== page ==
I am a naive person. A very naive person. Because I, with my psychology degree behind me, thought that I'd finally hit the nail on the head when it came to my mental health.

It's embarrassing how wrong I was.

Last year, when I finished my second round of CBT, I thought everything had finally clicked into place, and my mental illness was on its way to being 'cured' (don't worry, I know that's not necessarily possible). If not cured, 'manageable'. My therapist and I had worked together over about 3 months to kick depression up the arse and get my brain to think more positively.

And for a while, it worked. It really, really, worked. I actually started to give a damn about myself. I wanted to get fit and eat healthily, I wanted to get out and do more things, I wanted to push myself to work hard at my degree.

And then, the second half of my diagnosis kicked in, and let me tell you, anxiety is just as bad as depression.

In my 24 years of life, I don't think I've had as much trouble as I've had with anxiety, with anything else. For as long as I can remember, it's been there with me: at school, when I was afraid to raise my hand in class (teachers picked up on this, which was mortifying); at home, when I cried so much out of nervousness before having my picture taken, and from the ages of 5-10 having to have a passport photo of a sobbing, red-faced child which got lots of 'awwws' at the airport - mortifying; and in my own self, every time I thought 'I could do that' and then didn't, out of fear.

Over the last 18 or so months, anxiety has become my biggest problem, and even more annoyingly, it triggers depressive episodes for me. I did something beneficial, and it just got spoilt anyways. It's the mental health equivalent of getting up early to beat the traffic and then being late for work.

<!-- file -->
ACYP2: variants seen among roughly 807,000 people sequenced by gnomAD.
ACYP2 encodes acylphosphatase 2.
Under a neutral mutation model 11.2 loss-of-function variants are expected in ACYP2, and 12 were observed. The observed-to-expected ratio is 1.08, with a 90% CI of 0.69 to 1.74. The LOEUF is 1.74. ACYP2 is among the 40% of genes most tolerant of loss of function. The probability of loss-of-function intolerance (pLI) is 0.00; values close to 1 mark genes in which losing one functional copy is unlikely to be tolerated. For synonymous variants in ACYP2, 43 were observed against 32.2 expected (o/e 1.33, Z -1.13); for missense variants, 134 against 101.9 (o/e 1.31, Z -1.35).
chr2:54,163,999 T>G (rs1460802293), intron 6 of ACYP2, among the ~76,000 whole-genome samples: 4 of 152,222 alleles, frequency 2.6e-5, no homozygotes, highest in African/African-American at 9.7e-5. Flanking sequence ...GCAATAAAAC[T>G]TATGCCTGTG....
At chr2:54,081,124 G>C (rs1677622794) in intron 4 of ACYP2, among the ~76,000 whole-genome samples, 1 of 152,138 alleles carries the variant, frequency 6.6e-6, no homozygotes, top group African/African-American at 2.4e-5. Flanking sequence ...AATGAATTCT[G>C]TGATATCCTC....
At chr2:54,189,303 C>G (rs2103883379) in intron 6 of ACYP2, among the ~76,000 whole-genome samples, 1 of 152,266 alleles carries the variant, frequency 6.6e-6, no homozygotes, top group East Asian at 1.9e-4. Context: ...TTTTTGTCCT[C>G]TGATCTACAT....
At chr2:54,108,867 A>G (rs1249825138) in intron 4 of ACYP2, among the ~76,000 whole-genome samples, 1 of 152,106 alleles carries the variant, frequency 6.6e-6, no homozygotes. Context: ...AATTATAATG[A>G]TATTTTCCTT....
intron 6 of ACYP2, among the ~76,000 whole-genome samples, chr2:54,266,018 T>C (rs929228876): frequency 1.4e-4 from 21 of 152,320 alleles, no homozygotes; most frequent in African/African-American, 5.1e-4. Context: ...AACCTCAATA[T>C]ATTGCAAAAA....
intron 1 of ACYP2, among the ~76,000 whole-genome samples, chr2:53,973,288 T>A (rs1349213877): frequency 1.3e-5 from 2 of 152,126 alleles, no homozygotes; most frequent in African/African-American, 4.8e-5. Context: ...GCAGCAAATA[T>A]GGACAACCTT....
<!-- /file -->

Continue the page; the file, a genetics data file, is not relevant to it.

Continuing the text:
And over the last 3 months or so, especially, it's been right on the surface. Honestly, I get anxious over things I never used to before. This weekend, for example, I was anxious at a fireworks display, and I bloody love fireworks!

I guess what I needed to realise is that my mental health 'stuff' is never going to be finished. Coming to terms with the fact my recovery isn't over, and it's probably always going to be ongoing, has been, well, crap. On the worst days, it feels impossible and like I'll never have a normal life, and on the best days, it's just irritating. I feel like because I got lucky getting treatment, I should be 'fixed'. The fact I got any treatment at all means I should be normal, right? And I feel like society, as it does for so many other issues, assumes a 'you got help, you're fine now' mentality, which kinda explains my naivety I guess. But, I'm determined to not let my mental illness(es) ruin my life.

As I'm writing this, I'm a few days into recovery from the worst night of panic attacks I've ever had. And I know this, because I'm calling them 'panic attacks' instead of 'anxiety attacks'; I feel like now I know the difference!

The irony is, having these panic attacks shaking me up and unsettling me, has made me more motivated to settle myself. I want to get better, and I want to accept my mental illness like an acquaintance who occasionally irritates me, who I can just tell to bugger off and then deal with them the next time they pop up.

It's going to be with me for the rest of my life, and while that sounds scary and upsetting, it doesn't have to be. I'll manage, just like everyone else.

M x